E-scooter riders injured 100 road users in ONE YEAR, figures reveal

E-scooter riders injured 21 cyclists, 22 people in vehicles and 57 pedestrians in just ONE YEAR, figures reveal

  • E-scooter riders hit and injured 100 road users and pedestrians in the last year
  • Figures revealed that 383 e-scooter riders were injured in accidents during 2020
  • Shakur Pinnock, 20, died in June six days after he was involved in crash with car
  • In 2019, Emily Hartridge, 35, died after being struck by a lorry while on e-scooter 

E-scooter riders hit and injured 100 road users and pedestrians last year, it was revealed yesterday.

That breaks down into 21 cyclists, 22 people in vehicles and 57 pedestrians, according to figures from the Department for Transport.

A staggering 383 riders were themselves injured in accidents last year – and one was killed.

This year, another rider, Shakur Pinnock, 20, died in June six days after he was involved in a crash with a car in Wolverhampton.

And in July 2019, YouTube star and TV presenter Emily Hartridge, 35, died after she was struck by a lorry while riding an e-scooter at a roundabout in Battersea, south London.

E-scooter riders hit and injured 100 road users – 21 cyclists, 22 people in vehicles and 57 pedestrians – last year, according to figures from the Department for Transport (file image)

The 2020 figures, which do not distinguish between rented and privately owned e-scooters, will add to long-running safety concerns about the contraptions.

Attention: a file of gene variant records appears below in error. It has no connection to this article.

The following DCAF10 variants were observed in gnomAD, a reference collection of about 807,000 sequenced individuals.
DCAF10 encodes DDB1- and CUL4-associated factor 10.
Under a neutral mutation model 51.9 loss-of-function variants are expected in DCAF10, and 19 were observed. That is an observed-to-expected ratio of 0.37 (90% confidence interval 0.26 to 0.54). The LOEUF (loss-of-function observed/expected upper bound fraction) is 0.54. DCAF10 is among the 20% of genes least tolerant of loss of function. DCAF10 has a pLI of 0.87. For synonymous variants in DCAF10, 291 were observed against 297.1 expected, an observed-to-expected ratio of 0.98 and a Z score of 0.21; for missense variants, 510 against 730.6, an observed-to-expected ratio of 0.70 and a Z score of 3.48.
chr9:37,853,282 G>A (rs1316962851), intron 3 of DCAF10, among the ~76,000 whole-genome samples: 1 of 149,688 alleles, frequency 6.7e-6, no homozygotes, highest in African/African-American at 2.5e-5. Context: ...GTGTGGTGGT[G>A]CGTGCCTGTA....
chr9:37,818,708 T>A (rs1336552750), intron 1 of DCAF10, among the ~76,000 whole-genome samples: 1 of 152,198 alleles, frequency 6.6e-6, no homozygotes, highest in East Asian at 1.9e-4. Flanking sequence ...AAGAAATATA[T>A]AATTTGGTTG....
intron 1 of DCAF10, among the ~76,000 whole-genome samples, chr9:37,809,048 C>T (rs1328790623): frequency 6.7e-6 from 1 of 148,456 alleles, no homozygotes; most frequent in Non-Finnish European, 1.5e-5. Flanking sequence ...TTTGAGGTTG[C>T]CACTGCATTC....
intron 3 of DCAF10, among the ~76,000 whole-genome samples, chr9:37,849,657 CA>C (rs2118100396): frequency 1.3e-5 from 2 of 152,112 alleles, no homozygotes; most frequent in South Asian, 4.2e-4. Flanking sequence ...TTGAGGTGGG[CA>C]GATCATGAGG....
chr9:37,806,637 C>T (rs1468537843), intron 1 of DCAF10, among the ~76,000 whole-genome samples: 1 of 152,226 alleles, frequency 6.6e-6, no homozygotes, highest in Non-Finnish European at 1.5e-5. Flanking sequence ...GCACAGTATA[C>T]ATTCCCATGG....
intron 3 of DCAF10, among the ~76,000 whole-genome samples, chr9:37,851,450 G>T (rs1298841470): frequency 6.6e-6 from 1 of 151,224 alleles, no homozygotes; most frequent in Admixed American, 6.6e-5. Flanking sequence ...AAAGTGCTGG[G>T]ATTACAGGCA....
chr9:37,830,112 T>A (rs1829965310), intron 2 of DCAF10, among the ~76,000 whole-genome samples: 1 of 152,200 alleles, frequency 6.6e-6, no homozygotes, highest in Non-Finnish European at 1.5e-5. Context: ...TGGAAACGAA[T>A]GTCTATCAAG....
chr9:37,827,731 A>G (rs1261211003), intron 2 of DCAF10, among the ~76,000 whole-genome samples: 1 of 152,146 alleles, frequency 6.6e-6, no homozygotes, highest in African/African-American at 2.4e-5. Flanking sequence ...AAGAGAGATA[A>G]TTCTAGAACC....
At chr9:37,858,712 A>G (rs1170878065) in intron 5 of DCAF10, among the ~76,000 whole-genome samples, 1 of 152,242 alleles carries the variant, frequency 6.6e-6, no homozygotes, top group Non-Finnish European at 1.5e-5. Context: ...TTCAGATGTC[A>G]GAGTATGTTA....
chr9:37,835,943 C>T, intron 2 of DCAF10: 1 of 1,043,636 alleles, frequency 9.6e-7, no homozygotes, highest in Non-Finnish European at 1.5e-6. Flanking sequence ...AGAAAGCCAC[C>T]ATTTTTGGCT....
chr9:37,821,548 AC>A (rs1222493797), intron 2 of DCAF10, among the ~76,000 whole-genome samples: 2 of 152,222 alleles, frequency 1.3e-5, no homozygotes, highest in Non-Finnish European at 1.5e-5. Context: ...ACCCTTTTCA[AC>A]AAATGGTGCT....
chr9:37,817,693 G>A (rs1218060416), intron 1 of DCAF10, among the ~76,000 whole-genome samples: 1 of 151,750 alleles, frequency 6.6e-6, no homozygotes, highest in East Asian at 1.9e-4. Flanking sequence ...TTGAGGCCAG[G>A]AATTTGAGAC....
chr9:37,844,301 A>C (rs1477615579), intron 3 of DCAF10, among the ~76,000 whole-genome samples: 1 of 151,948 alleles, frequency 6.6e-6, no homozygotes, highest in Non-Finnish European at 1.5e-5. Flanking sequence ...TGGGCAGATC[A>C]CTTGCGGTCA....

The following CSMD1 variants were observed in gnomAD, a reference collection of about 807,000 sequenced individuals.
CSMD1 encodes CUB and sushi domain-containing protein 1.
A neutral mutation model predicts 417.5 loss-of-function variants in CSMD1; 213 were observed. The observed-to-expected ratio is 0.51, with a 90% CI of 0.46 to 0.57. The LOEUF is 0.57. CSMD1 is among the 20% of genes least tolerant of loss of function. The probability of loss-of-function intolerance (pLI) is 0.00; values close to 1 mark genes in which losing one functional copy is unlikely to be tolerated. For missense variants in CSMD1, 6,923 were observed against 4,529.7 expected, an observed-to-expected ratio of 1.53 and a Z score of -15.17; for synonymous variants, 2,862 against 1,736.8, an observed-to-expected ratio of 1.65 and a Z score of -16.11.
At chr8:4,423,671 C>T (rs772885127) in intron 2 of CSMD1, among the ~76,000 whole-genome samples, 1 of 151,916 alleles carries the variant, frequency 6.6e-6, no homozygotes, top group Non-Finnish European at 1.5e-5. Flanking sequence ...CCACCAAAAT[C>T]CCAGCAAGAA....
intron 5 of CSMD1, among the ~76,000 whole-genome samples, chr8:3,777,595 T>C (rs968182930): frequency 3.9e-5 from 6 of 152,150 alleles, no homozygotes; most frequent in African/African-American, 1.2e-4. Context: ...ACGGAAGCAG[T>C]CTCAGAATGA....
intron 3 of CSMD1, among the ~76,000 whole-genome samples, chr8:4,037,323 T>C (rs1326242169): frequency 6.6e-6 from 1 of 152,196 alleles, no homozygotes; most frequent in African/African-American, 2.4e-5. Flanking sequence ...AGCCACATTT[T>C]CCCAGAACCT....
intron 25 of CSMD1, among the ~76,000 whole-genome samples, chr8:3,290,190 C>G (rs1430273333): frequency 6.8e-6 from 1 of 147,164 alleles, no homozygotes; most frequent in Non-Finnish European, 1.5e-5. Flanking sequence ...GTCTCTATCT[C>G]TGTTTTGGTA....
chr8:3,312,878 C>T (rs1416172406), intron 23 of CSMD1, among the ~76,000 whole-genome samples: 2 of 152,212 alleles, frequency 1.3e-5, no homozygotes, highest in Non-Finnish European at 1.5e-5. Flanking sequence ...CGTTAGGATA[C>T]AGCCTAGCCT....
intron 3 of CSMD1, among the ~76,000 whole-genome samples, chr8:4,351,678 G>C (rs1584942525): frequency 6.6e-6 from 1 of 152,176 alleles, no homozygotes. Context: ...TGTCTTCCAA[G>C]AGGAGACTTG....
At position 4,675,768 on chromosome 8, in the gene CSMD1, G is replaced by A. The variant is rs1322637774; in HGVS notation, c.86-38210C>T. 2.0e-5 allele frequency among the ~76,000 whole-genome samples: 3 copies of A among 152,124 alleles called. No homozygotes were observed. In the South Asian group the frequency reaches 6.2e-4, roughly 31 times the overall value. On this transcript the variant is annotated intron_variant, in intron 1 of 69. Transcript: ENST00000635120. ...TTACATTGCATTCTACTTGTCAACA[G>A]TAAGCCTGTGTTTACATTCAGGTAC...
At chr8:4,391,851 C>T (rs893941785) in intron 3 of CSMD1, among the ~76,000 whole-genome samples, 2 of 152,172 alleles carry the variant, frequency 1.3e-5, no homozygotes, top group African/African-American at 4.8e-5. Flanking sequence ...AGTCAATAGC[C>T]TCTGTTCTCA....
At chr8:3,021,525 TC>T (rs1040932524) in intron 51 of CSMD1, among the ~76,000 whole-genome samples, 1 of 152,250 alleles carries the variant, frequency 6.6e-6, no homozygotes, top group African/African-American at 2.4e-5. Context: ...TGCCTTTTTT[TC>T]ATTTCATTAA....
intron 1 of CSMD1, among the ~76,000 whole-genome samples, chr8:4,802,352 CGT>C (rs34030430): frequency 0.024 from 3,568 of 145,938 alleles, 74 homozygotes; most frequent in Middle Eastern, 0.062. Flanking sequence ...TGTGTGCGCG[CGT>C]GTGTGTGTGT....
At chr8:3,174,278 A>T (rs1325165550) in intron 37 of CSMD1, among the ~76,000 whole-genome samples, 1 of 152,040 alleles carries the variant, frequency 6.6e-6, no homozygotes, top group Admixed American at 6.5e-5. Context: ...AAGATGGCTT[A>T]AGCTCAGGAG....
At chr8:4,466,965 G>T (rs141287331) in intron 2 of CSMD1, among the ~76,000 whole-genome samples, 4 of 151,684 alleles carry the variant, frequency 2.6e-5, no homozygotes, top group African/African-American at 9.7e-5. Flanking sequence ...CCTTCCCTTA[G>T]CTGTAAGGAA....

Most of the victims were at least 40 and eight children under ten were also injured. 

Thirteen of the pedestrians were seriously hurt. Yet two-thirds of the riders hurt in e-scooter accidents were under 30.

Of these, 123 were aged 20 to 29, 118 were aged ten to 19 – and two were under ten.

Private e-scooters cannot legally be used in the UK except on private land.

Many are nevertheless often taken on to roads and pavements.

Dozens of legalised e-scooter rental schemes were launched in cities and towns from July 2020 as part of Government trials. Rental e-scooters are also banned from pavements.

This year, another rider, Shakur Pinnock, 20, died in June six days after he was involved in a crash with a car in Wolverhampton (file image)

But in April, a three-year-old boy suffered two breaks in his collarbone when he was hit from behind by an e-scooter while walking on a pavement with his grandmother in Feltham, west London.

In another alarming incident, a drunken e-scooter rider was stopped by police while using the motorway to get home after a night out in Birmingham in August.

The charity Guide Dogs has called for the sale of private high-speed e-scooters to be banned over fears that those with sight loss are being forced to change their route or even avoid independent travel.

Meanwhile, officials are considering how to help police stop e-scooters and e-bikes from being used to commit crimes.

The Defence and Security Accelerator (Dasa), part of the Ministry of Defence, has asked for extra police powers because it is difficult for officers to halt riders without putting people at risk.

Riders do not always wear helmets, Dasa said, adding: ‘The small wheels of e-scooters and high centre of gravity of the rider make the rider vulnerable to injury in the event of a loss of control.’

Dasa also asked officials to look into tracking down suspects electronically after reports earlier this year suggesting that e-scooter crimes are rising.

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